The long history of the SCV in dealing with disasters

By Caleb Lunetta

Signal Senior Staff Writer

When you think of disasters in the Santa Clarita Valley, the first thing that comes to mind is the massive flood of 28? Are you thinking of the Northridge earthquake in ’94? Or maybe it evokes the last time you saw evacuations due to wildfire.

Whether floods, fires or earthquakes, the SCV has experienced many catastrophic events that shook the community to the core and then caused its citizens to rebuild.

A few of these events surely come to mind, proving excellent examples of the SCV’s resilience: The 1928 collapse of St. Francis Dam; the 1994 Northridge earthquake; and the tick fire 2019.

St. Francis Dam

Photo by George R. Watson

Three minutes to midnight on March 12, 1928, the St. Francis Dam in San Francisquito Canyon catastrophically failed, sending a 180-foot wall of water – made up of 12.4 billion gallons of water and tens of thousands of pounds of concrete – down the canyon at a rate of 12 miles each Hour down.

Just before the dam collapsed, Ace Hopewell, a carpenter, rode his motorcycle across the breadth of St. Francis Dam. A few seconds after 11:57 pm, according to an article on about the disaster, he heard a “landslide-like crash from behind in the dam area”.

“It turned out that Hopewell was the last living person to see the St. Francis Dam before it broke into the Valley, devastating the towns of Piru, Fillmore and Santa Paula and killing between 450 and 600 people before reaching Montalvo ran into the Pacific Ocean between Oxnard and Ventura, ”wrote Alan Pollack in the March-April 2008 issue of Heritage Junction Dispatch.

Photo by George R. Watson

The Signal, in its first issue since the collapse – The Signal was still a weekly newspaper at the time – published a list of names known to have been killed in the flood, as well as the names of those who were still missing.

When the dust settled and the community gathered again, nearly 500 men, women, and children were eventually reported dead.

Incredible survival stories surfaced on The Signal’s front page over the next several weeks, such as the Maier family climbing through their top floor only to watch their home lift from the water and drifted downstream until it could come back down to be dropped.

Earthquake in Northridge

At around 4:30 a.m. on January 17, 1994, residents across northern LA County experienced a tremor that they would remember for the rest of their lives.

Just a mile south-southwest of Northridge, at a depth of 18.4 kilometers underground, a blind thrust fault came to life, causing a 6.7 magnitude earthquake.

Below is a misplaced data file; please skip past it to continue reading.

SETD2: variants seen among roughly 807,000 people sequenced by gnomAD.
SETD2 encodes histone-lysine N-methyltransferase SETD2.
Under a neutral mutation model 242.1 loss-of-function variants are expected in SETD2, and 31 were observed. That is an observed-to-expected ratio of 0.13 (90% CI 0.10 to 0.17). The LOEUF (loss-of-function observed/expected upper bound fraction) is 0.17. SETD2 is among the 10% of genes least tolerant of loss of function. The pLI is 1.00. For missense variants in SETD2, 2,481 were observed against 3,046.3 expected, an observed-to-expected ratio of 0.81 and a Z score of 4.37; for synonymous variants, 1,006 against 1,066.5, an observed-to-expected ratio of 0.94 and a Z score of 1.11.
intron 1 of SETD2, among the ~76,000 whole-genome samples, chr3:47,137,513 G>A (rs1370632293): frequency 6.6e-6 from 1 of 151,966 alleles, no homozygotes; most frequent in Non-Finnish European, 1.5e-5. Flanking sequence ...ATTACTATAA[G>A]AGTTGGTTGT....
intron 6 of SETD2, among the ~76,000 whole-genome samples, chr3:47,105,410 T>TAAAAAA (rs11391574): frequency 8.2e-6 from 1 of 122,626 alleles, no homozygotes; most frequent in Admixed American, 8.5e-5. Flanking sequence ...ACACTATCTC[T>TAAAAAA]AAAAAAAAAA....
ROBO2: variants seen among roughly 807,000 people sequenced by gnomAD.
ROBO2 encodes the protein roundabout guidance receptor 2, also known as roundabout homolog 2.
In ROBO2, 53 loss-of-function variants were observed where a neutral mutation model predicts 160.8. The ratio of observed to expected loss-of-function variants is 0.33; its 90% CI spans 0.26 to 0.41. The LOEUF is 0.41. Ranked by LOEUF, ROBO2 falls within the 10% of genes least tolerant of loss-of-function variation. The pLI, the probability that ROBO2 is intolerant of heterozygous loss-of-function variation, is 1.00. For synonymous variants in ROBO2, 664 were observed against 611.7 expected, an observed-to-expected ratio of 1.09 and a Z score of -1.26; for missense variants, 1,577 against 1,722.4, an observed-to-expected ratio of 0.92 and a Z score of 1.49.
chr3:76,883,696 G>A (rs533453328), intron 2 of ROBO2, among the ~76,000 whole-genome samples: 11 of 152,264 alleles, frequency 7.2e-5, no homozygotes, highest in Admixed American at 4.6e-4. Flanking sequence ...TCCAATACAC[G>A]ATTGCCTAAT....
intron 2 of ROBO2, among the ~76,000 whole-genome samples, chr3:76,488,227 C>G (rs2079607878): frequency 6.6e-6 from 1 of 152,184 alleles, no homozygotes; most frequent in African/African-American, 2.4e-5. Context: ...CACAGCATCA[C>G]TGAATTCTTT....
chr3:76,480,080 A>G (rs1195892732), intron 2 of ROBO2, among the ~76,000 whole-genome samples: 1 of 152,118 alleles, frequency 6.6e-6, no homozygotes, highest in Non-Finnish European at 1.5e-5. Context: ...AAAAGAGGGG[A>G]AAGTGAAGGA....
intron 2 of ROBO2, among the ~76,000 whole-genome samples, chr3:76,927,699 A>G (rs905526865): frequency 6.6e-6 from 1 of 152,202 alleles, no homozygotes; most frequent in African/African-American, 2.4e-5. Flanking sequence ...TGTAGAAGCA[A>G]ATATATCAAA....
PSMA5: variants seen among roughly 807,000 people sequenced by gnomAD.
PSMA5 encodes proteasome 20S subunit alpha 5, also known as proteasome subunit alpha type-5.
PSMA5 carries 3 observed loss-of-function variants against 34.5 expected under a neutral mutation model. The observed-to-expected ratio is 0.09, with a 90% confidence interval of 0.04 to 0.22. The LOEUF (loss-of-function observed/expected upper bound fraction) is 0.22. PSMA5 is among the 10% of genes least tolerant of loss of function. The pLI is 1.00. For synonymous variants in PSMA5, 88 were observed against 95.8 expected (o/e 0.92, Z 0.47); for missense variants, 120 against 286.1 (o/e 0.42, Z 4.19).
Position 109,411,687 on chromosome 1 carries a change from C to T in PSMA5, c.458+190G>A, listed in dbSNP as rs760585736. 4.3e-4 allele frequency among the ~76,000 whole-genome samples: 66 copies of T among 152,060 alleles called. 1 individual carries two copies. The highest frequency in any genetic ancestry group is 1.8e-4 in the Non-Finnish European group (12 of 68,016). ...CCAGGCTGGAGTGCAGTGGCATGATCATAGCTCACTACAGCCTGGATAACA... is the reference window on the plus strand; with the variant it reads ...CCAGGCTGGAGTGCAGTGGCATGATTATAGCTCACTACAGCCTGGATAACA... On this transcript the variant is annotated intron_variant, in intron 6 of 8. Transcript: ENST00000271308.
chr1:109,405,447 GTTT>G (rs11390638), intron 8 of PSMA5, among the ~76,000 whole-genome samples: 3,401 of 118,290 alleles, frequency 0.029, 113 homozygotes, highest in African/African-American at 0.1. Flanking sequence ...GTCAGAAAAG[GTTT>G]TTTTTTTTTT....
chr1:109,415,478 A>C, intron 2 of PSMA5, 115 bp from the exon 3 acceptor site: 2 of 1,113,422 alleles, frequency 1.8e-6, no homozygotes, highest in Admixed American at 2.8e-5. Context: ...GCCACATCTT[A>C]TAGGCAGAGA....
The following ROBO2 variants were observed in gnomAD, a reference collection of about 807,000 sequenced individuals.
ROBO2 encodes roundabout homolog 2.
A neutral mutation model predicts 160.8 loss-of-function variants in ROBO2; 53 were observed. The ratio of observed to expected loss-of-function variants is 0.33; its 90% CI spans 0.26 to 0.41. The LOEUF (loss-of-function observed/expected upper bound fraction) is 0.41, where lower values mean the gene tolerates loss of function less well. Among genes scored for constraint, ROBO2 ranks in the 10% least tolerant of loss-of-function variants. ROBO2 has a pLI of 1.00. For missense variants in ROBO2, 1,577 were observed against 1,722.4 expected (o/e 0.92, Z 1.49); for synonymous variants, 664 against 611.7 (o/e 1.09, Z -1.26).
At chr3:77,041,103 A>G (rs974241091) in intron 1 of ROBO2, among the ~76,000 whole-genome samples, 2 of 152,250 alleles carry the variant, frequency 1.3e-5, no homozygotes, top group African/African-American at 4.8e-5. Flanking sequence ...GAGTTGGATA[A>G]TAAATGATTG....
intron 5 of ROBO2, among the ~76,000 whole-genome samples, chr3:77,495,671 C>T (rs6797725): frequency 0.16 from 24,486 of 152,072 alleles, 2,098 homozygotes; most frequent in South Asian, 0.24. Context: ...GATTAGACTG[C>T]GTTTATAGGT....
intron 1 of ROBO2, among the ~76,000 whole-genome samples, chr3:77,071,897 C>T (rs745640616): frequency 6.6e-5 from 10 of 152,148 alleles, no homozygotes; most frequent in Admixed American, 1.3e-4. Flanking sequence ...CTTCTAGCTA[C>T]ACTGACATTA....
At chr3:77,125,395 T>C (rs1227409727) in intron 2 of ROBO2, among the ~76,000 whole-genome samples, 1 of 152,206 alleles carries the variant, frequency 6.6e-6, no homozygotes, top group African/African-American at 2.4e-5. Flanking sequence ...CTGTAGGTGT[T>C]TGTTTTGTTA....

“Damage was widespread, parts of important highways collapsed, parking garages and office buildings collapsed and numerous residential buildings suffered irreparable damage,” said an SCV history entry about the event. “Damage to timber frame homes was very common in the San Fernando Valley and Santa Monica areas, particularly structures with ‘soft’ parking garages on the first floor or lower.”

The “urban earthquake,” as it was later called by a number of agencies and the media, resulted in 57 deaths and $ 20 billion in damages.

In the city of Santa Clarita in particular, with its 150,000 inhabitants at the time, the town hall was considered uninhabitable, and a small tent city was being built in the parking lot on Valencia Boulevard for emergency measures.

While the Reseda epicenter was being recorded, the SCV suffered great damage, cutting residents off from the rest of Los Angeles County as its main artery to the area, Interstate 5, collapsed. The city, founded six years earlier, had to find a way to coordinate its emergency response measures, which were largely cut off or isolated from the surrounding world.

Check mark fire

When you think of the biggest fires affecting the SCV, depending on their age, you can think of names like the Ranch Fire – which burned 972,147 acres from Santa Barbara County to the U.S. border in 2007 – or the Buckweed Fire – which covers 38,356 acres in town burned – name 2007 and the evacuation of 15,000 people – or the sand fire – which burned 41,432 hectares in 2016 and led to the evacuation of around 10,000 houses.

The tick fire in 2019, arguably one of the most disruptive fires in the history of the Santa Clarita Valley, however, most directly impacted the Santa Clarita Valley in a way that no vegetation fire had done recently.

Although there was a significantly smaller acreage than others before, the 2019 fire spanned 4,615 acres but resulted in the mass evacuation of about 40,000 people for the Santa Clarita Valley. As of October 24, 2019, the inferno resulted in school closings, work stoppages, and makeshift tent / car towns in the parking lots of grocery stores in Canyon Country.

The fire first broke out at 1:40 p.m. when a man lit a barbecue in his backyard that eventually fell over in the strong winds, and the fire spread from Tick Canyon Road to the various surrounding Canyon Country neighborhoods.

A total of 22 buildings, including a number of apartment buildings, would be destroyed, 27 others would be damaged and residents who have lost their homes would have to be rebuilt over the next two years.

On October 24th, Governor Gavin Newsom declared a state of emergency and the LA County Board of Supervisors issued its own declaration of emergency. Questions remain about the shortage of electricity during the Tick Fire – electricity was turned off by Edison in Southern California during a public safety power cut, a program to prevent forest fires – and how this contributed to residents’ difficulty with evacuation orders.

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